Meg Duffy’s first album as Hand Habits had a title as misleading as her second one. Wildly Idle (Humble Before the Void) (2017) was neither wild nor idle, although its humility was evident in the unassuming placement of the vocals in the mix and the languid musical arrangements, interspliced with poems (she called them “scenes”) by writers known to Duffy, suggested a vista that may well have been on the edge of an abyss. But this was a work of devastating power from which, as a listener, it has been difficult to recover, so it is difficult to speculate as to how Duffy herself has been able to pick up the pieces and move forward.
There was enough emotional grist on that first album to last more than a single lifetime, and yet it turns out that are more mills and wringers for us to be put through, as new album placeholder confirms. This album is also misleadingly titled since there is nothing at all provisional about these songs. The lower case of placeholder also suggests a shyness of sorts, a deliberate modesty, which may turn out to be slightly disingenuous, because the title song which leads off the album sardonically deploys the word, casting bitter shade at a former lover who has mistreated our protagonist with the most casual of affections: “Oh but I was just a placeholder / A lesson to be learned / Oh I was just a place holder / A place you will return.” Each quatrain packs a similar punch and the low-key delivery, and rough ballad meter surely recalls another fiercely underestimated lyricist, namely the venerable Emily Dickinson of yore.
As with Dickinson, you underestimate that sing-song meter and that reclusive wallflower impression at your own peril, because she will cut you to the quick. The album starts to feel like the best musical heroine award tour ever when the second track, “can’t calm down” opens with a distinctively Breeders-like intro, but Duffy is no blind follower of idols, but rather a savvy acknowledger of legends as she continues to carve out her own. The opening notes of the third track “pacify” lead you to expect a guest vocal from Matt Berninger, so much do they resemble the beginning of an elliptical National mini-drama, but Duffy once again feints and zig-zags, as seems to be her wont here. These allusions seem too clear not to be knowingly offered.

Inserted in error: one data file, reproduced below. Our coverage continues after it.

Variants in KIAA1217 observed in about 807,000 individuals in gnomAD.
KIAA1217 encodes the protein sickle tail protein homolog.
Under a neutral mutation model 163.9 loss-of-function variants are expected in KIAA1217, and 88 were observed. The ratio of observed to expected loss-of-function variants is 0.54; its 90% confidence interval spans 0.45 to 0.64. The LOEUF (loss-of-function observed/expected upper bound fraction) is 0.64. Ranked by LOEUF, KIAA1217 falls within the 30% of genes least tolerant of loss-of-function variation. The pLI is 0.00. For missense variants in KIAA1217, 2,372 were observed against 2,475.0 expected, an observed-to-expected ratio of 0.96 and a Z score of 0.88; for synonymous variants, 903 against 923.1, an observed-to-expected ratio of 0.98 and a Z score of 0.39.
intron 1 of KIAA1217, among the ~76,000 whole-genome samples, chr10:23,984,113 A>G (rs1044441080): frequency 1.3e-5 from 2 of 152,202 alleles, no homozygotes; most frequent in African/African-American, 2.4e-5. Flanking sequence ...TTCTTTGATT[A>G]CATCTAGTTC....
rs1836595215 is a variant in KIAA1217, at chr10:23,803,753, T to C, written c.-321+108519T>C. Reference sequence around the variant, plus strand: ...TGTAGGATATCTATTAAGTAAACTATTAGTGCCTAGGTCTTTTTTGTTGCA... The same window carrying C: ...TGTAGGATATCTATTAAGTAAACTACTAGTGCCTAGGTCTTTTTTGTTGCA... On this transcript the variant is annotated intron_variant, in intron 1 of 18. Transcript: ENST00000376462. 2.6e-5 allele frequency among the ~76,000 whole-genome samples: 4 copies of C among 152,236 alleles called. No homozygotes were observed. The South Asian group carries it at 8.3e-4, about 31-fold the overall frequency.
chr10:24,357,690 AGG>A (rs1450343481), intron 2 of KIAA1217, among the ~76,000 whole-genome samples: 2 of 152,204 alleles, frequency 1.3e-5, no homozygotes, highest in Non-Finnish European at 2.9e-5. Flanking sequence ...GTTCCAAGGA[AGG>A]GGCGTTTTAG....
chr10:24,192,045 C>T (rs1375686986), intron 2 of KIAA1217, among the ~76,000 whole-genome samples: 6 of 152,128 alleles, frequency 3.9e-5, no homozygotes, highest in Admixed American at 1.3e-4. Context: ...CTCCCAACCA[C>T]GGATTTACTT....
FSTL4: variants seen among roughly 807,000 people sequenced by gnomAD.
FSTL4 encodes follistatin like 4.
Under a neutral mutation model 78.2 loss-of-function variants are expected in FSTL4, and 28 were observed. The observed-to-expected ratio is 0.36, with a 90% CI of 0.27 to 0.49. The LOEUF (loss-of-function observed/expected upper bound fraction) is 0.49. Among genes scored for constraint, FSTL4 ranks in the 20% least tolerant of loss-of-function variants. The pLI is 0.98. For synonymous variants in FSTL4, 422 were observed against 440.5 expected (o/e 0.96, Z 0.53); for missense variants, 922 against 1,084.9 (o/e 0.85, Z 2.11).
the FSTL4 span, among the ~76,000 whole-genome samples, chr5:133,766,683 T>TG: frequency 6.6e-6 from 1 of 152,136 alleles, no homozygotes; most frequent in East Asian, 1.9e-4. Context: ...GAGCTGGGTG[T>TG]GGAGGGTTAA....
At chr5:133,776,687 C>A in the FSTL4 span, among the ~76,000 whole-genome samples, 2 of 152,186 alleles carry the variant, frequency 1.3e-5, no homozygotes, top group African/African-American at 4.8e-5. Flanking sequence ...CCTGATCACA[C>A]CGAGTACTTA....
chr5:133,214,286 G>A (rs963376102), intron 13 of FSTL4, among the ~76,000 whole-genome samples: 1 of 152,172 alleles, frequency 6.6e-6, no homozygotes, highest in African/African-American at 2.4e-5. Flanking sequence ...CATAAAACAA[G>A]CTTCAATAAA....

It would be woefully remiss not to mention Duffy’s agility and dexterity on the guitar, and not just because she has played such a role in Kevin Morby’s band. In Duffy’s hands the instrument is made to sound preternaturally delicate and rippingly powerful by turns, as both “pacify” and “jessica” demonstrate, and her ability to walk gracefully between discretion and valor in this regard is a wonder to behold. This kind of fluctuation between restraint and assertion is reflected equally deftly in the lyrical dynamic. Take this little example from “pacify”: “Slower if you want it to be / Well I can change my speed / Oh I can wait for you to tell me when to speak,” where the title once again does deceptive work and the lyrical subtlety demonstrates the painfully nuanced dynamics of power as it is wielded and withheld in relationships.